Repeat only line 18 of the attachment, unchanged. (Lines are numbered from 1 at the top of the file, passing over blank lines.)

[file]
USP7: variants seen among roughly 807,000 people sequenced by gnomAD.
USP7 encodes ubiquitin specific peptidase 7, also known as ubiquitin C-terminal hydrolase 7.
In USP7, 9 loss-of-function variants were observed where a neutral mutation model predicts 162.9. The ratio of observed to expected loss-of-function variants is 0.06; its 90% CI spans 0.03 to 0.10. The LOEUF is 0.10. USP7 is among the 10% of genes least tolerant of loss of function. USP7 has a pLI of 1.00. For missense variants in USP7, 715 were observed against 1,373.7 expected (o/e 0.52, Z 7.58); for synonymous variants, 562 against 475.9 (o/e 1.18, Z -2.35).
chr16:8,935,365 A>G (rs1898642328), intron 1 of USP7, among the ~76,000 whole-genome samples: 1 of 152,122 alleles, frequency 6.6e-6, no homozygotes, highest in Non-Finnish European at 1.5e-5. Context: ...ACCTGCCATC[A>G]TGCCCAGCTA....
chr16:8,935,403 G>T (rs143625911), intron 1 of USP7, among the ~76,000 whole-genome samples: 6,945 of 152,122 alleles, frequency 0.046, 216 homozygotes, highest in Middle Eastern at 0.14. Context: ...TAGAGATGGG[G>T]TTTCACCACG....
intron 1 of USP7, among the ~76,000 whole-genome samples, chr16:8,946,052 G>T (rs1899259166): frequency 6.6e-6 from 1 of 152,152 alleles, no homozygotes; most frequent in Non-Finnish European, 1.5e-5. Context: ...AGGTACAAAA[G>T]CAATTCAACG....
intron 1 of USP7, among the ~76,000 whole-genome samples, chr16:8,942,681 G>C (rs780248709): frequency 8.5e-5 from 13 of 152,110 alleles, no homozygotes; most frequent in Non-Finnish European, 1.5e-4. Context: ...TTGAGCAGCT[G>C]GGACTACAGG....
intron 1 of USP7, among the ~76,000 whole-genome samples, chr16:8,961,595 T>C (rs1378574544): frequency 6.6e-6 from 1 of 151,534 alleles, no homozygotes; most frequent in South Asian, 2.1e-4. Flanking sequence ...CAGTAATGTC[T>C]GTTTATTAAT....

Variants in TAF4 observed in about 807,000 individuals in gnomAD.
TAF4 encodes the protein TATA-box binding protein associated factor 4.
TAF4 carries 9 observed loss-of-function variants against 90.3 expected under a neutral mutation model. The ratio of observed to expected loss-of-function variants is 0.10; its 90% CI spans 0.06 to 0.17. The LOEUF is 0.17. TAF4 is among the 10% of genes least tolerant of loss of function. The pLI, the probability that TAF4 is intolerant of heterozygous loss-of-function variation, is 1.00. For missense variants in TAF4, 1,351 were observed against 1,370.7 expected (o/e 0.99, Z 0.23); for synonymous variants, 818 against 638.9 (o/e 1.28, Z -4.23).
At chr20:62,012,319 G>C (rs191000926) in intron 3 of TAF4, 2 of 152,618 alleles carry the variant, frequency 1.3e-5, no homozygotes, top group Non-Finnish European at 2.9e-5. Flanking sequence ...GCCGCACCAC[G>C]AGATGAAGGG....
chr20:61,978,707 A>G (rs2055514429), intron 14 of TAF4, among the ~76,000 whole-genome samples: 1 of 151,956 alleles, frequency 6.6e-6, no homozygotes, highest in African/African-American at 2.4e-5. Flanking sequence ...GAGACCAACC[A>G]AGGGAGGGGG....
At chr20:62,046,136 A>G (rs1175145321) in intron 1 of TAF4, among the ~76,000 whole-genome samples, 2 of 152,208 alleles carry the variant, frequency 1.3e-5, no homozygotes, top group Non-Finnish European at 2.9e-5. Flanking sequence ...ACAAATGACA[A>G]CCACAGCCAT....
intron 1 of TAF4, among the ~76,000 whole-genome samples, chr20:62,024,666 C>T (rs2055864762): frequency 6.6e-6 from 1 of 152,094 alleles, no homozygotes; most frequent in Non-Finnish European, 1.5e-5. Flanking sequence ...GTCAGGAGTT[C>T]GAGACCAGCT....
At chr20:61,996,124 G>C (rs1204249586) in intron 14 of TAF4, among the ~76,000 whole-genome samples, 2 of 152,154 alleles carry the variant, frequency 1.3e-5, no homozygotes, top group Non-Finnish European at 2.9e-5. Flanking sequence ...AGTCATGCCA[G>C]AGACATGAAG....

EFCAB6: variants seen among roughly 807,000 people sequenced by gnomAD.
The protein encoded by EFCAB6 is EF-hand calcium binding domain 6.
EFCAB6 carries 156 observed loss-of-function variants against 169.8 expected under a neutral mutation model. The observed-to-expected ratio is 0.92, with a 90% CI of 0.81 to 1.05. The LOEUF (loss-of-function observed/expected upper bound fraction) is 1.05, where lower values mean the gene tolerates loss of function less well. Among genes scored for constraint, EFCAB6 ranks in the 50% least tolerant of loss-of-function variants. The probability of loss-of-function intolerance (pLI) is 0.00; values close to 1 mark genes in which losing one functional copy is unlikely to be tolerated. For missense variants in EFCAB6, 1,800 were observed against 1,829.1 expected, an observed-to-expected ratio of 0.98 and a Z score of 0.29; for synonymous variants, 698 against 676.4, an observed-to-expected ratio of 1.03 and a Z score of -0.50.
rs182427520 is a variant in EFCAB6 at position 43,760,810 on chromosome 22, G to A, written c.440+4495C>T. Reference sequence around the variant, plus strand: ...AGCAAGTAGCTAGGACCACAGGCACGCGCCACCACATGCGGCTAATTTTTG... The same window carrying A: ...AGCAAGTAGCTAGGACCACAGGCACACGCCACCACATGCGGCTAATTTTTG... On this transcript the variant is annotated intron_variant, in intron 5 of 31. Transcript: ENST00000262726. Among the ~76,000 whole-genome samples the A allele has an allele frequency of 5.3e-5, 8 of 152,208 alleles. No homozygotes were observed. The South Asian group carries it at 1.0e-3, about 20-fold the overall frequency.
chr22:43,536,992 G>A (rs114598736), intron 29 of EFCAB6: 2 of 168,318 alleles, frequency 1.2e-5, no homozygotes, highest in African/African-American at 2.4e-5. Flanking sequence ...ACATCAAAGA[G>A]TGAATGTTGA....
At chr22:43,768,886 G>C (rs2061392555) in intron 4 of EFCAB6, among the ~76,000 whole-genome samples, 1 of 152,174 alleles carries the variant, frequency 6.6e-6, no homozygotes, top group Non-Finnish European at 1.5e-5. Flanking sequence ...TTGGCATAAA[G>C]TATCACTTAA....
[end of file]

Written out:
The protein encoded by EFCAB6 is EF-hand calcium binding domain 6.